The enchanting city of Dubrovnik is located in the southern most region of Croatia. It is frequently referred to as the Pearl of the Adriatic. Like many coastal towns, its lifeblood was maritime trade. Today, tourism feeds the economy. During high season, be prepared for the hordes of cruise ship visitors and general tourists who fill the narrow streets. Consider traveling during the shoulder season.
Thick walls (3 to 19 feet thick) dating back to the 13th and 17th centuries were built around the old city. This impressive walled city has three entrances. The main one is on Stradun at the Pile gate. Two additional ones are located near Fort Saint John’s and the Custom’s House.
If you don’t mind heights and can navigate cobble and stairs, explore the wall that surrounds the old town. You will be rewarded with spectacular views. It is best to avoid mid-day adventures due to the extreme heat that radiates off of the thick stone.
A notable landmark is the promenade that runs through the middle of the city.
Cobbled pathways veer off from this central location. Steep inclines may deter some from traveling by foot. Hearty souls who don’t mind walking uphill and have sufficient time should take the winding footpath to Mound Srd that sits a little more than 400 meters above Dubrovnik. The summit is usually reached by cable car or by driving. On a clear day, breathtaking views can be seen from this vantage point.
Wandering about the Old Town is a fascinating experience. You can include stops at a variety of churches that have notable histories. Near the main gate is the Franciscan Monastery which houses an impressive library of over 30,000, books and also has one of the oldest pharmacies in the world. If time allows, it is possible to tour part of this architecturally rich structure.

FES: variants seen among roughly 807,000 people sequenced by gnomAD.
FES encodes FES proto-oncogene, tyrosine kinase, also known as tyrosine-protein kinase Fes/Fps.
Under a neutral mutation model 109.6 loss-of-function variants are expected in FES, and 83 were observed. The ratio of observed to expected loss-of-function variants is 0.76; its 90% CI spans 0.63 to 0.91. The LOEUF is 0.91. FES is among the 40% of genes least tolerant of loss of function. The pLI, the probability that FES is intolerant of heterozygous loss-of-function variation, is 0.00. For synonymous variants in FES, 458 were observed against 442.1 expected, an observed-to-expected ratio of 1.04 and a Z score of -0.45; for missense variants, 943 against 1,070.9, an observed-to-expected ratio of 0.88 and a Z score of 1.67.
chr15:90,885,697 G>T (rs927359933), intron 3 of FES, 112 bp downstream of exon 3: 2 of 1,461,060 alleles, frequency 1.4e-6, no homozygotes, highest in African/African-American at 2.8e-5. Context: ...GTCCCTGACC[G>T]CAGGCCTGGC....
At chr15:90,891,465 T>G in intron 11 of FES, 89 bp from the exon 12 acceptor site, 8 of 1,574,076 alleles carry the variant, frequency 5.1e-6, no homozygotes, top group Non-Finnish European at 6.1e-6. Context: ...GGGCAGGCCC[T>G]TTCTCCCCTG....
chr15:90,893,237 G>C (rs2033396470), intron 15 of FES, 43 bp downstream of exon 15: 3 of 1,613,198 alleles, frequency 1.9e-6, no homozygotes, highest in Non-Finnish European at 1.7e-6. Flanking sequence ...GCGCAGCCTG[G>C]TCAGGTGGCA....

Dubrovnik also boasts numerous museums covering various aspects of the city’s history. One special find is a tiny synagogue that also houses a Jewish museum. It is located on Zudioska Ulica or Jewish Street. This structure was built in the mid 14th century and is considered the second oldest in Europe after the synagogue in Prague. After the Spanish and Portuguese expulsion of the Jews, many Sephardic Jews chose to relocate here. The museum provides some of their history.
Food options in Dubrovnik range from restaurants that offer the local seafood and meat dishes to tourist trap style eateries. Prices tend to be on the high end due to the tourist industry.
If you just want to relax, take a break at one of the area beaches including Lapad Beach or the Banje Beach.
If Time Allows
You can walk to the Aquarium, Fort St John, and the Maritime Museum. These places are located in the southwest tip of the Old Harbor. Outside the wall are two forts. Fort Bokar is in the north and Fort Revelin in the southeast area.
Before You Go
Review your options and obtain a city map. Decide whether you can handle the steep terrain and purchase appropriate shoes. Don’t forget to bring along water, especially in the summer months.